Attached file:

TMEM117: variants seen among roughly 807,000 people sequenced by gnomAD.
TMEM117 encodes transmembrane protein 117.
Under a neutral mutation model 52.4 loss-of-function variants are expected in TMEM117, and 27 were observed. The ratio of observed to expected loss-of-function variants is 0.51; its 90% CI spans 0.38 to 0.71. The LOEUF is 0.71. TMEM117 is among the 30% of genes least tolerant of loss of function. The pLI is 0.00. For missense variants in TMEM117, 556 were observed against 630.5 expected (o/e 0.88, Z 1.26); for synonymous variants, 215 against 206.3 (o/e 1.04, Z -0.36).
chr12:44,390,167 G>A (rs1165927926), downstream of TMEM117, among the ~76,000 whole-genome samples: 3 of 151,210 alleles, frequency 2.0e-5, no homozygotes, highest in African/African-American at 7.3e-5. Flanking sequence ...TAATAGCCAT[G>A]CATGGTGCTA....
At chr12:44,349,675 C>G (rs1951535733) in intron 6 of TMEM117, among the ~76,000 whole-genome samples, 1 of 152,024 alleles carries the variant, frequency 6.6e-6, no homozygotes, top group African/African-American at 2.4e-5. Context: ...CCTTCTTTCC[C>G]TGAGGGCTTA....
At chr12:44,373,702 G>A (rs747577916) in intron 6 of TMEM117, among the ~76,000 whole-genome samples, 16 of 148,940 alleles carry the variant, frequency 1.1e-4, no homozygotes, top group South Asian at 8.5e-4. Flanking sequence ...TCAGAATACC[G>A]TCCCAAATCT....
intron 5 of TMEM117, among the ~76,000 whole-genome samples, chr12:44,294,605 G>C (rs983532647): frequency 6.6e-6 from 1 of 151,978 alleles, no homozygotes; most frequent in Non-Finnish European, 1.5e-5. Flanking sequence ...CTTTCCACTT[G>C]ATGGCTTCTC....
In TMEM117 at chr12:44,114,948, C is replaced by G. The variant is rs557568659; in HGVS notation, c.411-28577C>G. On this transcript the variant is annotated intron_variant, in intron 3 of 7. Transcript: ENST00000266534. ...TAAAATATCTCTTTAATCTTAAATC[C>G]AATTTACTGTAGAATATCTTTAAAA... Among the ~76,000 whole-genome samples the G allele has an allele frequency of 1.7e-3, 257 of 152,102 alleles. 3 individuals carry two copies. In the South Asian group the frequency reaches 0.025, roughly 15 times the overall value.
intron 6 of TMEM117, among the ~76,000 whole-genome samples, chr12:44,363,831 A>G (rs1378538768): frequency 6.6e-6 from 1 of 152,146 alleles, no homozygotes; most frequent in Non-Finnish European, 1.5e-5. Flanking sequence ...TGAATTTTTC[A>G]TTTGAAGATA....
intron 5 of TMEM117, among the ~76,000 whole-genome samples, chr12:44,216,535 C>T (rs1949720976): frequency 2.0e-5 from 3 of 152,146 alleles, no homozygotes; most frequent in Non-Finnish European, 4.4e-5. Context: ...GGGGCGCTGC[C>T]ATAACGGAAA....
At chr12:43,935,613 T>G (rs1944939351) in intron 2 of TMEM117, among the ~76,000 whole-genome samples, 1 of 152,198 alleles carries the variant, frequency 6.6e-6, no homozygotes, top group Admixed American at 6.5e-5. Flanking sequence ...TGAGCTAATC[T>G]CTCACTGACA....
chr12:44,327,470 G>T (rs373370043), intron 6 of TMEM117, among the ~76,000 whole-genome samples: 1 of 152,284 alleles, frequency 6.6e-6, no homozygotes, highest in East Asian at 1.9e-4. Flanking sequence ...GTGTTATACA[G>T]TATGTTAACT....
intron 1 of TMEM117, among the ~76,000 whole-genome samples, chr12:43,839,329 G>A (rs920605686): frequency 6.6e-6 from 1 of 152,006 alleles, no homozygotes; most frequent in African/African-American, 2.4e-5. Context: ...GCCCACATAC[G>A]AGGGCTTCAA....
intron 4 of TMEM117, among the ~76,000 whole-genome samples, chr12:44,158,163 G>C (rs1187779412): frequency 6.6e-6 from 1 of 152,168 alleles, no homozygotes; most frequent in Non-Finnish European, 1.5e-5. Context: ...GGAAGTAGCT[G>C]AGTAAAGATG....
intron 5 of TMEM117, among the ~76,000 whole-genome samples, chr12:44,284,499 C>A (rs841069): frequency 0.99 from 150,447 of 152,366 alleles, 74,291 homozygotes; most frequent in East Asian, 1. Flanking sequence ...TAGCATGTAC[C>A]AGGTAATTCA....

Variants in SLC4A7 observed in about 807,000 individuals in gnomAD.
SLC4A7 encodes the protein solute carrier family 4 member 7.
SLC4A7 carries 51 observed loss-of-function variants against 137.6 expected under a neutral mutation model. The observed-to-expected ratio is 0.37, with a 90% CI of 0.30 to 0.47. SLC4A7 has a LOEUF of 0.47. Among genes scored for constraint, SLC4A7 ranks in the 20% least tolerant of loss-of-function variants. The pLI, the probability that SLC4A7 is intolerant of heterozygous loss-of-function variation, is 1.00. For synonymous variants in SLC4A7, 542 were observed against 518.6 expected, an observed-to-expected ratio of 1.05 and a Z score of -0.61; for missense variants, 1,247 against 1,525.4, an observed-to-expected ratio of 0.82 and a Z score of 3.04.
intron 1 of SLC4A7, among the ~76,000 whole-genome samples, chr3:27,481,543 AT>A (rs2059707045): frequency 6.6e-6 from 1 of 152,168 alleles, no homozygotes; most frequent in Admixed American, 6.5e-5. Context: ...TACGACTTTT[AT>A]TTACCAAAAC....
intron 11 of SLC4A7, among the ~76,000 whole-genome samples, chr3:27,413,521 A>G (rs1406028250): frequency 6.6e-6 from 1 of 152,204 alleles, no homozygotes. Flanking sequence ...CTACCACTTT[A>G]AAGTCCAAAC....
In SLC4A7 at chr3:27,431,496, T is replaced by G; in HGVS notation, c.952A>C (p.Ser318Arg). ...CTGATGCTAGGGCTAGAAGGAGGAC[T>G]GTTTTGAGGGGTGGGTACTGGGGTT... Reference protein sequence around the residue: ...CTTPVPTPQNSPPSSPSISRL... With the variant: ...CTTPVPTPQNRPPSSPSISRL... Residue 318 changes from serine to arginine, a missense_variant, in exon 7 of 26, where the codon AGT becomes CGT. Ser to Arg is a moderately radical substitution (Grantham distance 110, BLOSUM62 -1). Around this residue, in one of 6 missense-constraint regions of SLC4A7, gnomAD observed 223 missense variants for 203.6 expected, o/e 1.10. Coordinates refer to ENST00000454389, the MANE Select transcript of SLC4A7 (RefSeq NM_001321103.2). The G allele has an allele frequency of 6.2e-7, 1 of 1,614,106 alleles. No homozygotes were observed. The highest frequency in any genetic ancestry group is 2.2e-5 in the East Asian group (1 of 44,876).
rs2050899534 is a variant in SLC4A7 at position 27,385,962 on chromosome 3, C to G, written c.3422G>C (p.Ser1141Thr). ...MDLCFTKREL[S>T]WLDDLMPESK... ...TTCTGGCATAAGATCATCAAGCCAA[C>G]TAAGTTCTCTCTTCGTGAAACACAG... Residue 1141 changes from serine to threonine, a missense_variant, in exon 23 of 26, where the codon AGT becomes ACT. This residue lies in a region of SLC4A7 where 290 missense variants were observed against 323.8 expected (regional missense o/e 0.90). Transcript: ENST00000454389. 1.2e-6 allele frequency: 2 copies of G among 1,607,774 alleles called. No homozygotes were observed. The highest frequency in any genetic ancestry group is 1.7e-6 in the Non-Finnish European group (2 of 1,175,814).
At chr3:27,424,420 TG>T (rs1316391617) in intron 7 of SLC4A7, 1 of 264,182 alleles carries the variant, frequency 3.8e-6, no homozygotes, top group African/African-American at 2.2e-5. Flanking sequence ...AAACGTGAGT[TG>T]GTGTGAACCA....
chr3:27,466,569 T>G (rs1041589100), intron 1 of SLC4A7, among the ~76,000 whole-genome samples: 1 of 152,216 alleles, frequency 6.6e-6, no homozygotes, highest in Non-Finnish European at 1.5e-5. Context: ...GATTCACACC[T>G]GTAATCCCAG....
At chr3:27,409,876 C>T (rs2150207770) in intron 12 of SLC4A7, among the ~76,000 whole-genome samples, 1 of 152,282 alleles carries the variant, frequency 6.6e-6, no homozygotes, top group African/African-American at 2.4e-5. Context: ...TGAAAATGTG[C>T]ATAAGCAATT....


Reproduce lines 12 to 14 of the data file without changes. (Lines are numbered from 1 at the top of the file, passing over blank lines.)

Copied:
chr12:44,327,470 G>T (rs373370043), intron 6 of TMEM117, among the ~76,000 whole-genome samples: 1 of 152,284 alleles, frequency 6.6e-6, no homozygotes, highest in East Asian at 1.9e-4. Flanking sequence ...GTGTTATACA[G>T]TATGTTAACT....
intron 1 of TMEM117, among the ~76,000 whole-genome samples, chr12:43,839,329 G>A (rs920605686): frequency 6.6e-6 from 1 of 152,006 alleles, no homozygotes; most frequent in African/African-American, 2.4e-5. Context: ...GCCCACATAC[G>A]AGGGCTTCAA....
intron 4 of TMEM117, among the ~76,000 whole-genome samples, chr12:44,158,163 G>C (rs1187779412): frequency 6.6e-6 from 1 of 152,168 alleles, no homozygotes; most frequent in Non-Finnish European, 1.5e-5. Context: ...GGAAGTAGCT[G>C]AGTAAAGATG....